This blog is probably more for my benefit than anything else. According to psychologists, writing about an event is better than talking about it, so this is my therapy.
I pulled a dying man from his car and tried to revive him with CPR. After a total of 30 minutes advanced life support, the on-scene doctor called it. He died on scene, and was 86 years old.
Looking back on the whole event, I have a mixture of thoughts and feelings. My prayers are with the family (his wife was also in the accident but wasn’t too serious) and the other driver (again, not too serious). Two families now have to deal with some significant pain, grief, guilt and loss all from an event that happened in the blink of an eye. I feel for them, I really do.
I wished I could have saved that man (as I am sure all the team that arrived and helped do). Unfortunately, it was not like ER or Mission Impossible where a bang on the chest or a few breaths through the face mask brings him back. It was real life and, on this occasion, he died.
I also feel a sense of pride in what I did. Some have called me a ‘hero’. I am not sure that I fit that description at all. I don’t feel like one. But I do feel proud, both of what I did, but also the team that assembled on site and the willingness of people to get involved.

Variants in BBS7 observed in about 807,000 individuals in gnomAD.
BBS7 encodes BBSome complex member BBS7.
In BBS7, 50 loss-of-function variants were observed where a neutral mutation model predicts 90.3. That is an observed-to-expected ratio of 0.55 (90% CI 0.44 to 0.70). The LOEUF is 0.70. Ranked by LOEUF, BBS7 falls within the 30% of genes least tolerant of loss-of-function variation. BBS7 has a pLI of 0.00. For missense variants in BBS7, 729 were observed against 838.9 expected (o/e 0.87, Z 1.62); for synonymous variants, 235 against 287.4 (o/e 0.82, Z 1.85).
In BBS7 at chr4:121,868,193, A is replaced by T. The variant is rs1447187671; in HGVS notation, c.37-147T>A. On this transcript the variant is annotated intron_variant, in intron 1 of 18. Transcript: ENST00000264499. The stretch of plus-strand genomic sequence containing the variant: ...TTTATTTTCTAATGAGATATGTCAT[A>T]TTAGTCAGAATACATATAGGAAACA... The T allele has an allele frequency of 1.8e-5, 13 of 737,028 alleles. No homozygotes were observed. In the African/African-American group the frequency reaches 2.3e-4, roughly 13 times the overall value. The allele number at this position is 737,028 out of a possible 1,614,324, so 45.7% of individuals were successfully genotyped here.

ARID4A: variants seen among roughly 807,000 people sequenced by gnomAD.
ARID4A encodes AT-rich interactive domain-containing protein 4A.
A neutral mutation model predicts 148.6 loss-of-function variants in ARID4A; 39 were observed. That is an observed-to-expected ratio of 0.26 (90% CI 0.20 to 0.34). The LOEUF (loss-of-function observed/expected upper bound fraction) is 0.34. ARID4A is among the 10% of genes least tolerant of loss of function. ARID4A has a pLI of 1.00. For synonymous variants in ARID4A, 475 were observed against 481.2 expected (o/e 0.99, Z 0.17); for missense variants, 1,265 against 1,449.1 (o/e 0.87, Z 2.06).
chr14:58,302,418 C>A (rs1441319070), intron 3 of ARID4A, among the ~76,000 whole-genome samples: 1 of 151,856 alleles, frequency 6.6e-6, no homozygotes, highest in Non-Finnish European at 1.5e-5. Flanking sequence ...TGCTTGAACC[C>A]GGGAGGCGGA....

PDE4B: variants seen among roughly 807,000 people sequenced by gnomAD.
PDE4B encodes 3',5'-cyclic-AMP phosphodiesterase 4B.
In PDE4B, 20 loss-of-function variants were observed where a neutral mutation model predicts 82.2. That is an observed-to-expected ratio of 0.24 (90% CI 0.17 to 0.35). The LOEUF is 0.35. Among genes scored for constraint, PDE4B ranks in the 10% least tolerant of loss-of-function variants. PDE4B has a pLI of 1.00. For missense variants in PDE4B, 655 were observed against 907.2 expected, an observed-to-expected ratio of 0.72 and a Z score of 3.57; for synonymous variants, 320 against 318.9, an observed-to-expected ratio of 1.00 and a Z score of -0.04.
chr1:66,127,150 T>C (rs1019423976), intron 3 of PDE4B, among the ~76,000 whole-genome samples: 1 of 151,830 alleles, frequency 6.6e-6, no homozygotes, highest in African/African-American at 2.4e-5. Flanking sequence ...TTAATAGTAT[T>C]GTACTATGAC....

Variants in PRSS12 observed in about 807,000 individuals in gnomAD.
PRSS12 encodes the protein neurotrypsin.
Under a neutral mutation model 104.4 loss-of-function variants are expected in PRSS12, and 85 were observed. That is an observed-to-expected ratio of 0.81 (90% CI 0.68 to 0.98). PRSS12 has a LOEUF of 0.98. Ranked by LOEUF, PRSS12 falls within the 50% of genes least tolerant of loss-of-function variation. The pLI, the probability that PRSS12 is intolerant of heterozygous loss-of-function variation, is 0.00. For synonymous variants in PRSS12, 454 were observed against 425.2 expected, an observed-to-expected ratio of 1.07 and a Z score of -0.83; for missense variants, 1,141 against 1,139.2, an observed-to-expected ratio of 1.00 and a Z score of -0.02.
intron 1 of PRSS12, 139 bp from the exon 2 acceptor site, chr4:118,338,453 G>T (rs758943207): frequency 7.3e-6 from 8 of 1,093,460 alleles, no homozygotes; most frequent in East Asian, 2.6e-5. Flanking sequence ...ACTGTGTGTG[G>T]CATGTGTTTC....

Here’s what happened: last Monday, I was driving home near Formby when the traffic started to congest, and I quickly saw the reason why – there had been an accident involving two cars. A few years ago, I would have done what most other drivers were doing at that stage; I would have slowed and had a look but kept driving as I wouldn’t have been any help to anyone.
This time was different though. I am a volunteer with the British Red Cross and have been for almost two years. I wanted to learn first aid because I knew that, as a parent, my first aid skills were practically non-existent – so I have spent the last two years learning first aid (and emergency first aid) through the fantastic guys at the Red Cross who provide immense training, often at their own personal cost.